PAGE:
What’s In Your Purse?

April 19, 2011

It’s always fun to see what’s in someone’s purse. During our April 4th training day in Kansas City, all kinds of items were pulled out of totes and shoulder bags and placed on the tables. No, it wasn’t a massive key search. It was an exercise in using open-ended materials to teach. Ellen Booth Church, the lead presenter, asked us to pull two items out of our purses and place them on the table in front of us. Then, we were to sort the items into categories. At each table we began to note commonalities — “well, the eyeglasses and the earphones are both worn on your head, so they can go together….” or “this pencil is yellow and so is that ipod…” Eventually we were all satisfied with our categories. “Good,” Ellen said. “Now mix things up and re-categorize.”

Once again we began sorting and asking ourselves the questions, “How are these things alike? How are they different?”  There was laughter and discussion as we began to look at the items in different ways. If prizes were given, I’d have to give first prize to the table that not only had the most unusual criteria (“All of the things in this group could fit in your nose.”) but also the most unique items (It’s amazing the things folk carry around!).  Even more amazing was how this exercise began to open up our ways of thinking and challenge what we thought we knew. And this, after all, is what education should do: Open us up. Turn the light on. Allow us the opportunity to be creative and innovative.  Education should move us beyond facts and into possibility.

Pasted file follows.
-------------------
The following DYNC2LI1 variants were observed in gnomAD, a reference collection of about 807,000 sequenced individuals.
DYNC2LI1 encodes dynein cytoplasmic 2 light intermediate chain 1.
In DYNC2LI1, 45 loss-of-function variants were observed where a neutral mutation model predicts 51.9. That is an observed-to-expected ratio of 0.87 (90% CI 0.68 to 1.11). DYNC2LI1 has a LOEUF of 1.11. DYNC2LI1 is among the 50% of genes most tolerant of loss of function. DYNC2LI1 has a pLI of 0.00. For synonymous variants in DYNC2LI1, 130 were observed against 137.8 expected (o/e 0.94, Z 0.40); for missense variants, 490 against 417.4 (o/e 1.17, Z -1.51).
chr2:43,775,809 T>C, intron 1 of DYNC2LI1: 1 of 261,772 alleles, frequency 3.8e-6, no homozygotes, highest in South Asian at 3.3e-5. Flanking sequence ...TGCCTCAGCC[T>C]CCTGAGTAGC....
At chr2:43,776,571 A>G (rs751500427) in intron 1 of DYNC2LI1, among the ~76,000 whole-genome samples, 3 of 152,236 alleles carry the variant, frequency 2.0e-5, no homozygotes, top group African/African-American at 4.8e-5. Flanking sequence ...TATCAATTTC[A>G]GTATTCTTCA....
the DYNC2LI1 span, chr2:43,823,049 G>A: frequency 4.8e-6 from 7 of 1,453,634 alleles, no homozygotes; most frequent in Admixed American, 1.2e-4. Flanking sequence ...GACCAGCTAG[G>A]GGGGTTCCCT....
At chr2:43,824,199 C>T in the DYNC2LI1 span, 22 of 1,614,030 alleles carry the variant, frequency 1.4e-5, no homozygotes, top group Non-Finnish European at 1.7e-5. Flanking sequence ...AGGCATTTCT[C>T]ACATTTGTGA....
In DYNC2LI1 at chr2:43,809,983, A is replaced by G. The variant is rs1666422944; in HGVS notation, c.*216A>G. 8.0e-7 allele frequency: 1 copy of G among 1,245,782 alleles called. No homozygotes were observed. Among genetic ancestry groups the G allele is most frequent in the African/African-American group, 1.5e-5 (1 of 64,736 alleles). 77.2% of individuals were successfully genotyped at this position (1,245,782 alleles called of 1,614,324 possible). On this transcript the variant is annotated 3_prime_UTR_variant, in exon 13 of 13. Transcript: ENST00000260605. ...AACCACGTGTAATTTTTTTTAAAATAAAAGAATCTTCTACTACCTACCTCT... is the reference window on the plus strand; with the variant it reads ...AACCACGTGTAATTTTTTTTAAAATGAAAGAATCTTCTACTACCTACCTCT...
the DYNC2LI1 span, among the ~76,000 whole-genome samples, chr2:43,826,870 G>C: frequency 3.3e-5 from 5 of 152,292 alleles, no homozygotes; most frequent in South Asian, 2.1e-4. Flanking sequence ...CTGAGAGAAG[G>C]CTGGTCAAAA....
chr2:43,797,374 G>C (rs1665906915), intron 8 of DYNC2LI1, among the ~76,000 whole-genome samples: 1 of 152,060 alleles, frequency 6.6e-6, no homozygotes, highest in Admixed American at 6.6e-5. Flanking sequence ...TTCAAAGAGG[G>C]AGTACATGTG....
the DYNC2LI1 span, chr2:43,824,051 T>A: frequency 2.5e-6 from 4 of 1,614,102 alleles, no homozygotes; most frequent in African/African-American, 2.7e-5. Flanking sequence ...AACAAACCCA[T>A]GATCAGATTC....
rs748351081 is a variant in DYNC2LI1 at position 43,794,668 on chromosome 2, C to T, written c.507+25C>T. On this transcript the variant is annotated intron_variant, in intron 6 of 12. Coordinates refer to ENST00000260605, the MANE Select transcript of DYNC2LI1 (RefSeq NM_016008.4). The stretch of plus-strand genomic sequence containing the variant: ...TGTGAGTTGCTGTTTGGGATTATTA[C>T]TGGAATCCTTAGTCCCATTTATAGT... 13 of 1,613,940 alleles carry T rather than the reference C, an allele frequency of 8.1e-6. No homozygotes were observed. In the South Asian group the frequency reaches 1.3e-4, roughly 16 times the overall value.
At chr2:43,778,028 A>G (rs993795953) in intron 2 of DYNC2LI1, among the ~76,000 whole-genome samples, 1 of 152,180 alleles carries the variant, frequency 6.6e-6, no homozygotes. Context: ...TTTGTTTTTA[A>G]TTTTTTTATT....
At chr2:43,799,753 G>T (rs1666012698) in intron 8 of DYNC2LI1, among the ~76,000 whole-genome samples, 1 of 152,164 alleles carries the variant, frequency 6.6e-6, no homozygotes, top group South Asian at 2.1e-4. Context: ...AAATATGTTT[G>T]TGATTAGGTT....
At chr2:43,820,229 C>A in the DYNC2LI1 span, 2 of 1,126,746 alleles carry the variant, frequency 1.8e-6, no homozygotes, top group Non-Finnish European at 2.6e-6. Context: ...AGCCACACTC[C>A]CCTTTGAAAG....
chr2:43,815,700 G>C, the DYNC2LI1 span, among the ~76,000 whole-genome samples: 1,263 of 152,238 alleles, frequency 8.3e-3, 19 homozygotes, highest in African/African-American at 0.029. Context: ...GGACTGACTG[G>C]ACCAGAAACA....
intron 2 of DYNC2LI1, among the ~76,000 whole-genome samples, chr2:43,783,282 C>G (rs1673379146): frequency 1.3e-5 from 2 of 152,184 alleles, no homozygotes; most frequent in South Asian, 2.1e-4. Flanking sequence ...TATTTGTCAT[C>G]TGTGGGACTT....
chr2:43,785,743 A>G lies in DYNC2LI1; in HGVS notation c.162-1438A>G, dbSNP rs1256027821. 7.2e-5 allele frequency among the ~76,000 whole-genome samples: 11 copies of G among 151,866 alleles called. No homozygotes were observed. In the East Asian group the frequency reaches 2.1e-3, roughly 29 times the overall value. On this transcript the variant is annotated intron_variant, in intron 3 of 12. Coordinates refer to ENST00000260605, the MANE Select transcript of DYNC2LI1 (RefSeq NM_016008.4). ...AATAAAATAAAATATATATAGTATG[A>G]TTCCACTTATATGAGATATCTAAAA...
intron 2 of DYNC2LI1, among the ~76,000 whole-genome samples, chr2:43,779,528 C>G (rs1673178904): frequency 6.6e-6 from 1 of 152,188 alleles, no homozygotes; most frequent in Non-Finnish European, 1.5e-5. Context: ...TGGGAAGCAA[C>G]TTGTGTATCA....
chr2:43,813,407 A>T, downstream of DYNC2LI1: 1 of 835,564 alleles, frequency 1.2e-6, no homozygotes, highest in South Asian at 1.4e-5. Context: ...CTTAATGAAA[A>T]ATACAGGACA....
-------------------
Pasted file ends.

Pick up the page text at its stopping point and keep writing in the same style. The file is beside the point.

That’s what I love about open-ended materials and experiences. They go beyond work sheets and create authentic “A-ha!” moments. Open-ended learning experiences encourage us to interact in new ways with our environment. Just like play. For the young child play and work involve the same actions: interacting with people, manipulating objects, and making discoveries that help make sense of the world. Learning happens naturally through play.

Why not try sorting activities with the little people in your care? Discovering how things are alike and how they are different is a great way to spark creativity no matter what the age.
So – what’s in your purse?


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